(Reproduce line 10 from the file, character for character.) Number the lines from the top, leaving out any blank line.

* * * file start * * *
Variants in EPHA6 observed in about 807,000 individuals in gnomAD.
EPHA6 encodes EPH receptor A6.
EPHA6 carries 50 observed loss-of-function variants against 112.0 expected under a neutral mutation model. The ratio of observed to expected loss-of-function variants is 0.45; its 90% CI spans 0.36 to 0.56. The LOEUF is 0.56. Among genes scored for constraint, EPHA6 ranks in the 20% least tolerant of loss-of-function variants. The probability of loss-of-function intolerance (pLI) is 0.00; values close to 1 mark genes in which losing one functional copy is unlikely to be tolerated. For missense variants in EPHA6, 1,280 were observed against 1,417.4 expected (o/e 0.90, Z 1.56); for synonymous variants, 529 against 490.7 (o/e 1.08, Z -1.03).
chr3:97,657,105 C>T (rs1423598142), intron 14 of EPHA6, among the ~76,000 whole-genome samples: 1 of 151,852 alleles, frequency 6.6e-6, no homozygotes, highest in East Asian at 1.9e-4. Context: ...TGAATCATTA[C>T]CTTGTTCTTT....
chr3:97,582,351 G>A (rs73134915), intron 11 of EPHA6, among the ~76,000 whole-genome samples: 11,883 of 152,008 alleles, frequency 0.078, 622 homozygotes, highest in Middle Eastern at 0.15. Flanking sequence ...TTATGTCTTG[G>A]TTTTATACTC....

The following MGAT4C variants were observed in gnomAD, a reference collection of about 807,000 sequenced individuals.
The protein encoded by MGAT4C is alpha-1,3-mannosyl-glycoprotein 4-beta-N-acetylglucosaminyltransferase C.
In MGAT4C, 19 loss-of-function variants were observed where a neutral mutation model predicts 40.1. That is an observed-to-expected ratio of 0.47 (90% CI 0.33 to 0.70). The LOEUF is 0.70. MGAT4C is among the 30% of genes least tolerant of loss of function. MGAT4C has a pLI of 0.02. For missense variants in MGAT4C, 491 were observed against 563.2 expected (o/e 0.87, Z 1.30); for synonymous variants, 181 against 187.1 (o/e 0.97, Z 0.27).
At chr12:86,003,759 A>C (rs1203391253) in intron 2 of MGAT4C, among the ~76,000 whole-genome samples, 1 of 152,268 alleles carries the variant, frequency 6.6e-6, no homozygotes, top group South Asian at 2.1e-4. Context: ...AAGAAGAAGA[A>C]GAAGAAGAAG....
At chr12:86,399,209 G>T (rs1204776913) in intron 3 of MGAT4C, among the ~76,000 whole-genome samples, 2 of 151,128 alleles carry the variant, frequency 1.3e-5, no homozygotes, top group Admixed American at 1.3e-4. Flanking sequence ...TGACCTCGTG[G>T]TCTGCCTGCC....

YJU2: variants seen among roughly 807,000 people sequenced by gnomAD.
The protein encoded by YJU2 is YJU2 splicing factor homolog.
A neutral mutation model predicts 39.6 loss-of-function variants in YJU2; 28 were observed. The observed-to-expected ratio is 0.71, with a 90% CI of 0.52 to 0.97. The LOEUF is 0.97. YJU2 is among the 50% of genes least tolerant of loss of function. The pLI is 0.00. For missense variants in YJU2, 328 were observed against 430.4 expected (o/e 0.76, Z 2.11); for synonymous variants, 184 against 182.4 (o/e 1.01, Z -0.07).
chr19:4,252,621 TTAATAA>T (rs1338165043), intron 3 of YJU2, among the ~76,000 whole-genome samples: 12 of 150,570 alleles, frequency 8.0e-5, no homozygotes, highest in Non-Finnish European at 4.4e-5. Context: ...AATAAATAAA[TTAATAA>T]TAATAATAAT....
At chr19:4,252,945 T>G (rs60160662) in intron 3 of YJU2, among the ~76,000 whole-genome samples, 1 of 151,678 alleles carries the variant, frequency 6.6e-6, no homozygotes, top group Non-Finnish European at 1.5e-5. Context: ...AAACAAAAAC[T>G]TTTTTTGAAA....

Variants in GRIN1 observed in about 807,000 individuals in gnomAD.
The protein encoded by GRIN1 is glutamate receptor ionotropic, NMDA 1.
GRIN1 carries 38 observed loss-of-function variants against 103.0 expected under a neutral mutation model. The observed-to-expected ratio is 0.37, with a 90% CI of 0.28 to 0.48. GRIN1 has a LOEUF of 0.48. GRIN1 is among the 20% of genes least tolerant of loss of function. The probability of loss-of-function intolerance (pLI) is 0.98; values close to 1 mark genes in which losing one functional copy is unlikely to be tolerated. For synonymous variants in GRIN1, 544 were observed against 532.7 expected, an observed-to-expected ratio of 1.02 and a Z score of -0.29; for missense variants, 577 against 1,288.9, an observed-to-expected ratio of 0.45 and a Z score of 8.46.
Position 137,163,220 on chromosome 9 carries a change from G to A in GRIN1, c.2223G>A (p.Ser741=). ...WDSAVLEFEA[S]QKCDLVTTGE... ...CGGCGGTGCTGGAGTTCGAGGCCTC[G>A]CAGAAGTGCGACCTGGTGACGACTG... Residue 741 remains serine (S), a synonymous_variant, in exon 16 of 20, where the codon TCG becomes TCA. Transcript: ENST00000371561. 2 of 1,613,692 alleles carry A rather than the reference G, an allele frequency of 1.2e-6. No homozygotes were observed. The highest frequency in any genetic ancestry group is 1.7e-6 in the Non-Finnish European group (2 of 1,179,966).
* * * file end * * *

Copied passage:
At chr12:86,399,209 G>T (rs1204776913) in intron 3 of MGAT4C, among the ~76,000 whole-genome samples, 2 of 151,128 alleles carry the variant, frequency 1.3e-5, no homozygotes, top group Admixed American at 1.3e-4. Flanking sequence ...TGACCTCGTG[G>T]TCTGCCTGCC....